An Evanston resident who suggested raising user fees as a way to solve the library’s funding woes got a cool reception from Library Board members Wednesday night.

Terry Wodder

Terry Wodder of 520 Hamilton St. noted that when he goes to the beach to swim he has to pay $30 for a beach pass, but “when somebody walks into the library, there’s no charge at all for membership.”

“I would be happy to pay $5 or $10 or whatever” to use the library, Wodder said.

Susan Stone was the only board member who chose to respond to Wodder’s comment at the library funding forum held at the Fleetwood-Jourdain Community Center.

Susan Stone

Stone, a school librarian and professional storyteller, said she’d be opposed to charging fees for book rentals or other library services. “I think they should remain free,” she said.

The library currently charges $1 a week to rent a DVD, and Stone didn’t explain why videos carry a rental charge while books are provided for free. The library also charges daily fines of $1 for DVDs but only 25 cents for books.

Wodder also criticized the board’s plan to impose its own tax levy, saying that because the board is appointed and library board meetings are sparsely attended, there would “in essense be no oversight” of its actions.

He cited as an example of what could happen the recent controversy when it was disclosed disclosed that the park district board in Highland Park had awarded its former executive director a pension that Wodder said will cost taxpayers $6 million over the official’s lifetime.

Jane Grover

Alderman Jane Grover, 7th Ward, also asked how the library board could be accountable to the public when it’s not elected.

Board member Diane Allen-Jacobi responded that the board wished more people would turn out for its meetings and that board members were simply trying to do what they think is best for the city of Evanston.

Diane Allen-Jacobi

“We are more than happy to do that with you, that’s the only answer we can give you,” Allen-Jacobi said.

Board member Susan Gerson said the board wants to control its own tax levy “so we can go ahead and do the things we’ve heard the citizens of Evanston want.”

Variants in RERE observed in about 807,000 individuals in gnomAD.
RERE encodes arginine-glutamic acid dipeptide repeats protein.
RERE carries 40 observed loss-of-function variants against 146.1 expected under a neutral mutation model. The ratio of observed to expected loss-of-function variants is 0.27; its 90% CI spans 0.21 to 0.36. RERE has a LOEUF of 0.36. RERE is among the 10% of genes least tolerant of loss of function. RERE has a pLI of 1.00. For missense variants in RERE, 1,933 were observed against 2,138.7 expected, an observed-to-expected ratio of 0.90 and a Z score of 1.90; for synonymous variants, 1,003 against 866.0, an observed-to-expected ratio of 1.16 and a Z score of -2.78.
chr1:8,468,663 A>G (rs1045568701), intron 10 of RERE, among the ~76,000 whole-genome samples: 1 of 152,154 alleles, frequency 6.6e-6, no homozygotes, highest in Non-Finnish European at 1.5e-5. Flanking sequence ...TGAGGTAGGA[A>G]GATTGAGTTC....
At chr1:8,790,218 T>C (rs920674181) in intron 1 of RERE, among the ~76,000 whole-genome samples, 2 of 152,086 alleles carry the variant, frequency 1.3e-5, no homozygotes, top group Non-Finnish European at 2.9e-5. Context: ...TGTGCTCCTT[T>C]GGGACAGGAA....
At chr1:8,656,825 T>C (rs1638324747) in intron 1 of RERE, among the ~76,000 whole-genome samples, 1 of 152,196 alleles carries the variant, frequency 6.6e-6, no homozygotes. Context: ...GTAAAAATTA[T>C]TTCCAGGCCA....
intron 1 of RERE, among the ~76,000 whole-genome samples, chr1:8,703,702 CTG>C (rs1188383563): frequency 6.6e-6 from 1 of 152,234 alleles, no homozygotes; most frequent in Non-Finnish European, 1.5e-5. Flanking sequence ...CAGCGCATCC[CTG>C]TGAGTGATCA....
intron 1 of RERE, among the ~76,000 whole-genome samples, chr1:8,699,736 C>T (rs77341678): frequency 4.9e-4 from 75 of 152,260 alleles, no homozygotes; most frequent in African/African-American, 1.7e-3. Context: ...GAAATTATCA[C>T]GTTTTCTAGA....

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Bill Smith is the editor and publisher of Evanston Now.

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  1. I don’t understand how you

    I don’t understand how you could say that the library board was "cool" to user fee concept when the only member who responded to the question (Sharon Stone, as you noted) said that she opposed it.  Where are you getting that information from?

    1. Let those who have voices speak

      Good question, Ben …

      The man who raised the issue asked it generally of the board members present.

      The board member who responded opposed it and no other board members spoke up to say they disagreed with her opinion. Given that they were not pressed for time (the meeting was nearly over, short of its scheduled ending time), I think its fair to assume that if there were differing views among the board members present, someone would have given voice to them — if only to give some encouragement to the man that his idea was not being totally dismissed.

      In addition, at the Saturday forum, the board’s president, Chris Stewart, mocked the idea that people should pay to read books on an electronic device like Amazon’s Kindle, suggesting that getting books free from the library is the way to go.

      Among the four proposals the "sustainable funding" task force discussed in its report, raising user fees was notable by its absence.

      No board members have responded to the story Evanston Now published two weeks ago about the library in California that is experimenting with a "fine-free" system that substitutes monthly user fees for overdue book fines.

      If it turns out that some board members are receptive to the idea of raising user fees, they are welcome to call 847-733-7526 and tell me so, or send me a note. I’d be happy to hear from them.

      — Bill


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